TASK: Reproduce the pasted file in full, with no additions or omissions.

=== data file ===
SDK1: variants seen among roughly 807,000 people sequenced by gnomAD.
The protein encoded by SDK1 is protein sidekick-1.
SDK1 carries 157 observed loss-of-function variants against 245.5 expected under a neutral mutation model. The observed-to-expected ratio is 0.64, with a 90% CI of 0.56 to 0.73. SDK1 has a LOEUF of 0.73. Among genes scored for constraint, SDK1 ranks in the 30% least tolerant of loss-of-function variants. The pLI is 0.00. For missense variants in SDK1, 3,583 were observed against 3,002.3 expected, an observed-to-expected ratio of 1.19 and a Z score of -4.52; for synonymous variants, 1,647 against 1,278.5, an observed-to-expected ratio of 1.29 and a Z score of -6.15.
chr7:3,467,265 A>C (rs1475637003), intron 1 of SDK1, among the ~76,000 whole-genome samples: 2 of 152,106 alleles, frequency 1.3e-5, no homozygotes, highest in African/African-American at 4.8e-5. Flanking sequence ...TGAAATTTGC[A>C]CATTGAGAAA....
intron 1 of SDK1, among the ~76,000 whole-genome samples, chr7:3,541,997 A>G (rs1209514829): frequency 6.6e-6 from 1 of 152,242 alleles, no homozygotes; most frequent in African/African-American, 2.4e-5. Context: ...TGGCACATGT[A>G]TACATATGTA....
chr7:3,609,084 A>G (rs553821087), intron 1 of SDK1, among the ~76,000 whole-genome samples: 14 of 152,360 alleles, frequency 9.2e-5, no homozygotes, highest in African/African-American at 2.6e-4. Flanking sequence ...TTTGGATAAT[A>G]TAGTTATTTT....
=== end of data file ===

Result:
SDK1: variants seen among roughly 807,000 people sequenced by gnomAD.
The protein encoded by SDK1 is protein sidekick-1.
SDK1 carries 157 observed loss-of-function variants against 245.5 expected under a neutral mutation model. The observed-to-expected ratio is 0.64, with a 90% CI of 0.56 to 0.73. SDK1 has a LOEUF of 0.73. Among genes scored for constraint, SDK1 ranks in the 30% least tolerant of loss-of-function variants. The pLI is 0.00. For missense variants in SDK1, 3,583 were observed against 3,002.3 expected, an observed-to-expected ratio of 1.19 and a Z score of -4.52; for synonymous variants, 1,647 against 1,278.5, an observed-to-expected ratio of 1.29 and a Z score of -6.15.
chr7:3,467,265 A>C (rs1475637003), intron 1 of SDK1, among the ~76,000 whole-genome samples: 2 of 152,106 alleles, frequency 1.3e-5, no homozygotes, highest in African/African-American at 4.8e-5. Flanking sequence ...TGAAATTTGC[A>C]CATTGAGAAA....
intron 1 of SDK1, among the ~76,000 whole-genome samples, chr7:3,541,997 A>G (rs1209514829): frequency 6.6e-6 from 1 of 152,242 alleles, no homozygotes; most frequent in African/African-American, 2.4e-5. Context: ...TGGCACATGT[A>G]TACATATGTA....
chr7:3,609,084 A>G (rs553821087), intron 1 of SDK1, among the ~76,000 whole-genome samples: 14 of 152,360 alleles, frequency 9.2e-5, no homozygotes, highest in African/African-American at 2.6e-4. Flanking sequence ...TTTGGATAAT[A>G]TAGTTATTTT....